A CARDIO physiologist is swapping the Lugg Flats for the Cape Flats in a bid to help some of South Africa's poorest youngsters.
Gill James, who is based at Hereford County Hospital, is flying to Cape Town later this summer to join a voluntary team performing diagnostic cardiac ultrasounds on youngsters from four of the city's townships.
The aim of the team, which has been put together by the British Society of Echocardiography and the South African Government, is to reduce rheumatic heart disease among youngsters.
“Rheumatic heart disease is relatively easily detected by what is relatively older technology - echocardiography,” said the physiologist, who will be working during week two of the eight-week project.
“South Africa is the ideal sort of place to focus our efforts because although there is a very high level of social deprivation with high levels of rheumatic heart disease, there is also a well-established hospital infrastructure, which means children found to have the disease will receive excellent onward care.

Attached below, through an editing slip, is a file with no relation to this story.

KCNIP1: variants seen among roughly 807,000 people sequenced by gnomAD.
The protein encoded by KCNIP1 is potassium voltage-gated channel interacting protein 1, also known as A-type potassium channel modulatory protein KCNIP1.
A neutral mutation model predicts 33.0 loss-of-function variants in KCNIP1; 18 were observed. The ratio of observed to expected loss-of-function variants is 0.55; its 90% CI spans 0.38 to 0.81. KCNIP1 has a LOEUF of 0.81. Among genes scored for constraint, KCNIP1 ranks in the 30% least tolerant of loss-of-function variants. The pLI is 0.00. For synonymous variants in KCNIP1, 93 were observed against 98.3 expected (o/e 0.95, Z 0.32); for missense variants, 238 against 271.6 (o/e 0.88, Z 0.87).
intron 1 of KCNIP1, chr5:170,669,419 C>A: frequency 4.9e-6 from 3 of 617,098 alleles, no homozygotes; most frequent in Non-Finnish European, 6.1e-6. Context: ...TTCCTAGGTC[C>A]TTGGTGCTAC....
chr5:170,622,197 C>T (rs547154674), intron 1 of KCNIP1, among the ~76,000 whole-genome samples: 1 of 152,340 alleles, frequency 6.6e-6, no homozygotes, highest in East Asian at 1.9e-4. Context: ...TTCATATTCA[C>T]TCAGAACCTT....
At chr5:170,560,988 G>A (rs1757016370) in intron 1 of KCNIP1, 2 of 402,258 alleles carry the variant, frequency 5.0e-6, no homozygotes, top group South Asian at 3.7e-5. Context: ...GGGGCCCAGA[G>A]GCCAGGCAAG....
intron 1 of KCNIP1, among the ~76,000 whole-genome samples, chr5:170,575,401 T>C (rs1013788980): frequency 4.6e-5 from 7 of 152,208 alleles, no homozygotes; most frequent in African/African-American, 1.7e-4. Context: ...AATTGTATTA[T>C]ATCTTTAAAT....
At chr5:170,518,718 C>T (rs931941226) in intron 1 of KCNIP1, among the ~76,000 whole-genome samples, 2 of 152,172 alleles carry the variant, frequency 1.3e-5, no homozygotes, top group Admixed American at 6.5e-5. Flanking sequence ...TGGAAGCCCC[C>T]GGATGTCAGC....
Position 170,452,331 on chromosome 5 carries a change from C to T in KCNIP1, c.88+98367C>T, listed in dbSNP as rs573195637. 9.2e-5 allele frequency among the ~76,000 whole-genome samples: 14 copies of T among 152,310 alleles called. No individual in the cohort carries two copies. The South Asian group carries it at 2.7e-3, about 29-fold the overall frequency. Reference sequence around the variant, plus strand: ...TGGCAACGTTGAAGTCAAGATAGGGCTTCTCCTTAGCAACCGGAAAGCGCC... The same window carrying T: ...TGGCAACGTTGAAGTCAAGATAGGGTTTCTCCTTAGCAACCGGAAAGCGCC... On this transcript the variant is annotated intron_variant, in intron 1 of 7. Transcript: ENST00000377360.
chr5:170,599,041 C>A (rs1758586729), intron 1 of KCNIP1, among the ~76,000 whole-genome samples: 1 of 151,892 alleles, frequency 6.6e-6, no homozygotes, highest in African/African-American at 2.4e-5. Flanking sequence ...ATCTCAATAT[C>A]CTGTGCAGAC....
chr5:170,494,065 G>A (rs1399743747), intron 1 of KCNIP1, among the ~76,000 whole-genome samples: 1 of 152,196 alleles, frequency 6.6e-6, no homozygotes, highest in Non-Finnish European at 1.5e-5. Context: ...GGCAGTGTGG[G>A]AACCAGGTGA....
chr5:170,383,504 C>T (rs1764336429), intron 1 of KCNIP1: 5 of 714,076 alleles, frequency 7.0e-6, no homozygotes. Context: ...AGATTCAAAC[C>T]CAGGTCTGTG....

“This disease is prevalent in very poor communities around the globe - it’s the kind of condition we might see in 60 year-old's over here in the UK, but in the South African townships, due to poor nutrition and living conditions, we’ll find it school-age children.
“I was out in South Africa last year and it’s difficult to believe the amount of deprivation which co-exists within a stone’s throw of such wealth."
During the eight weeks that the project will run, those behind it hope to screen around 2,000 youngsters from township schools.